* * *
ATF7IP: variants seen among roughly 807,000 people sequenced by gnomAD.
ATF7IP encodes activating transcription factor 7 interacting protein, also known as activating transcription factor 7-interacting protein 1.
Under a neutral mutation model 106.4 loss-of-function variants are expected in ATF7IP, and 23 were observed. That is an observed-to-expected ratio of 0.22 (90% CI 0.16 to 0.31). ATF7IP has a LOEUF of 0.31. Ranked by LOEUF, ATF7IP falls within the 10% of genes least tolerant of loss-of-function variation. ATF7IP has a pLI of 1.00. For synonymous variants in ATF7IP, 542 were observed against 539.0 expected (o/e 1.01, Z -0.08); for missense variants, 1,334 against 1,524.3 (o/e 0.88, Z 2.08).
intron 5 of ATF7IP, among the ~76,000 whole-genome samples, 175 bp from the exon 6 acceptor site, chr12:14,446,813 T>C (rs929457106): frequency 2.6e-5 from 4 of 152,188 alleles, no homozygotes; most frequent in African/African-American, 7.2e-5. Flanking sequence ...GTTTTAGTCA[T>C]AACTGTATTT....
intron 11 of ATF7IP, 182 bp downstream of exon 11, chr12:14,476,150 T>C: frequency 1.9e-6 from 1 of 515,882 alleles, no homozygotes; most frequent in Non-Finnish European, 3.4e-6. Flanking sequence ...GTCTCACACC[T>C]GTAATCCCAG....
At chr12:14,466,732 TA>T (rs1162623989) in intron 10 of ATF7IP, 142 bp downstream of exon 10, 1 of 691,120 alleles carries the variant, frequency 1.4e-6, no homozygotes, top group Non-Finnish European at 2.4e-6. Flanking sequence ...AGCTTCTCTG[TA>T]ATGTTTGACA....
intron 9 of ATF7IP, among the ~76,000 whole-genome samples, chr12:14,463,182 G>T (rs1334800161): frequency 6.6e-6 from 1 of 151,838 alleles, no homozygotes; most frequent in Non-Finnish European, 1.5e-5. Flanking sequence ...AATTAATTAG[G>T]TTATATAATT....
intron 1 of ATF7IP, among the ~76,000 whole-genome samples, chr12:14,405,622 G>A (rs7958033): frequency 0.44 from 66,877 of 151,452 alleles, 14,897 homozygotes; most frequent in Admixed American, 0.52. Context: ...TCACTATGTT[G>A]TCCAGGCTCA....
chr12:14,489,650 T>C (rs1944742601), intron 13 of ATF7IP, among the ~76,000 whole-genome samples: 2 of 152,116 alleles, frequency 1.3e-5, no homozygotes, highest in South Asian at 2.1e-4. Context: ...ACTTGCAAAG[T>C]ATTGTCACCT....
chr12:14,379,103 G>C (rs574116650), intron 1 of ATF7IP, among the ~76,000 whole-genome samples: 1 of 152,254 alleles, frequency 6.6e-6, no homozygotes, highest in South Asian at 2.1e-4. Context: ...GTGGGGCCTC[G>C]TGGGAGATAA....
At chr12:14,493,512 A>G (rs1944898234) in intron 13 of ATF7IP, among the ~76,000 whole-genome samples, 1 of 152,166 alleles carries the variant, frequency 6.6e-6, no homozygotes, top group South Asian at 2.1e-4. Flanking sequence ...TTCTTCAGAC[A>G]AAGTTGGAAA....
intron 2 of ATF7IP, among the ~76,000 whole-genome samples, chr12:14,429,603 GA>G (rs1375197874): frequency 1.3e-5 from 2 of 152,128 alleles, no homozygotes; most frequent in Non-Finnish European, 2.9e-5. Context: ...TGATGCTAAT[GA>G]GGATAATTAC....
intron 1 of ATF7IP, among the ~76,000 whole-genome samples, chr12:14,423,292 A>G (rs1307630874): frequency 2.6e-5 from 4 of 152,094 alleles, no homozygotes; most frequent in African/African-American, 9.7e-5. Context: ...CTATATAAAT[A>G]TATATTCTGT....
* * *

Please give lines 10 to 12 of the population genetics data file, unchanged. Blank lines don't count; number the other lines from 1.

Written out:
chr12:14,379,103 G>C (rs574116650), intron 1 of ATF7IP, among the ~76,000 whole-genome samples: 1 of 152,254 alleles, frequency 6.6e-6, no homozygotes, highest in South Asian at 2.1e-4. Context: ...GTGGGGCCTC[G>C]TGGGAGATAA....
At chr12:14,493,512 A>G (rs1944898234) in intron 13 of ATF7IP, among the ~76,000 whole-genome samples, 1 of 152,166 alleles carries the variant, frequency 6.6e-6, no homozygotes, top group South Asian at 2.1e-4. Flanking sequence ...TTCTTCAGAC[A>G]AAGTTGGAAA....
intron 2 of ATF7IP, among the ~76,000 whole-genome samples, chr12:14,429,603 GA>G (rs1375197874): frequency 1.3e-5 from 2 of 152,128 alleles, no homozygotes; most frequent in Non-Finnish European, 2.9e-5. Context: ...TGATGCTAAT[GA>G]GGATAATTAC....